Franklin & Nashville During COVID-19
Today I took a little time to go for a drive to Franklin. My goal was to take some photos of flowers and trees in bloom but that’s not what happened. My photo subject became something much more real.
The small, popular tourist town was very still and quiet with only a few shop owners painting their windows and restaurant workers delivering curbside pick-up. There were a few walkers out and about, keeping their distance. This was a visit on a holiday weekend; a time when Franklin would normally be elbow-to-elbow with people. Now, it was eerily calm.
Despite the sparseness of the sidewalks, this lovely town still maintained its Southern, friendly charm. Workers donned gloves and masks but you could still sense kindness and smiles under them.
After spending a few minutes observing the stillness, I decided to take a minute to support a local business. I ordered Grilled Cheeserie from their app and took advantage of the curbside service. My snack was delivered to me from a woman wearing protective gear, attempting her best to keep us all safe. I was impressed that through the mask I could feel her smile and she was happy to oblige when I asked for a photo.
Next, I traveled to downtown Nashville to do the same. Once I arrived, it took a few minutes to gather myself after I saw just how deserted our usually popular downtown area was. One of the honky-tonks still blared music from outside speakers to make it feel like Music City again. It honestly felt like watching a scene from an apocalyptic movie. I felt sad.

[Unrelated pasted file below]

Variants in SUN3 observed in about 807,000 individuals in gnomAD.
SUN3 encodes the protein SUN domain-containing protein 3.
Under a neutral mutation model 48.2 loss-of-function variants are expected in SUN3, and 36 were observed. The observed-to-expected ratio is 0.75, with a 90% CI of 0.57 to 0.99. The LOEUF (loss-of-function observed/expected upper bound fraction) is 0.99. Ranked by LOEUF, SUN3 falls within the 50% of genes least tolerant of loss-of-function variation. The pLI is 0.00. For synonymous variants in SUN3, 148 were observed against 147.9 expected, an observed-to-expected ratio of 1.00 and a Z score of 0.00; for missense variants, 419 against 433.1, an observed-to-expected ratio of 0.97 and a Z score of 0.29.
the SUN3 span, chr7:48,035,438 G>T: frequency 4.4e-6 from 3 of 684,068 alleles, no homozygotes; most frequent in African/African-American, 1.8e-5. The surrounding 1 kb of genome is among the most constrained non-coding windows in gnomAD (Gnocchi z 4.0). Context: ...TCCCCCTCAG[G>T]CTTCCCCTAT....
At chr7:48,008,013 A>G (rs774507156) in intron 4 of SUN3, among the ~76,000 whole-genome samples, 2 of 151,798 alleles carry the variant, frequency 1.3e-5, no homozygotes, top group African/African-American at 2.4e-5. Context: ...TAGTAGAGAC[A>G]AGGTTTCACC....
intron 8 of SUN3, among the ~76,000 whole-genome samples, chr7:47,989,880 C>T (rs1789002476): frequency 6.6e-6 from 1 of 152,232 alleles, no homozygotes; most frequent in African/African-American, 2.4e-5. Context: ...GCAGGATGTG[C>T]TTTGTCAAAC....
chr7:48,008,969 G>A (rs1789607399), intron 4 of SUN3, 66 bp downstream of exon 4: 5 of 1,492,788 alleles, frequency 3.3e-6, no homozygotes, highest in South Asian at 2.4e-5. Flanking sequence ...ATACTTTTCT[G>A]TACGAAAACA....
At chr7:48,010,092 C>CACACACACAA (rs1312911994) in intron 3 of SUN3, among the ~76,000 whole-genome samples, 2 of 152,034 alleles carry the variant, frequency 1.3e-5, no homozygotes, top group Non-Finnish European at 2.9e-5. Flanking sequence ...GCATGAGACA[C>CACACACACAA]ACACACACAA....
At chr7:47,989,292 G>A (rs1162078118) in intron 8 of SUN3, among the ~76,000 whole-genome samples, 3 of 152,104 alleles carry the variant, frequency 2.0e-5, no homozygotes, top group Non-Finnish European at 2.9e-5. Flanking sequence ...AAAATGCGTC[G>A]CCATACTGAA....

It was unusually easy to get a parking spot so I found one and walked around our empty downtown. Somehow it was still beautiful but I was able to see it in a different light on this day.
One of the things that stood out was the homeless population on the street. They were more spread out than usual. Our local businesses made sure they stayed fed, though. After seeing what downtown Nashville was like, I drove to Hillsboro Village and, for the first time in my two decades here, I saw Pancake Pantry with no line. It was like a ghost town.
I did see something unusual; a sign was up that read, “Boozy Drinks to Go.” This brought a smile to my face when this was hitting me hard.
I wanted to capture this day and this time so I could look back on it. I want to look back on it on the days when I complain about the lack of parking and busy streets. I want to be reminded of these local businesses that stepped up and stayed open for families to pick up food when they were tired of cooking and cleaning.
Let’s all take the time to support these local businesses that are offering curbside pick-up. Go have a picnic in an empty parking lot. Our deserted movie theater parking lot had several cars doing that very thing.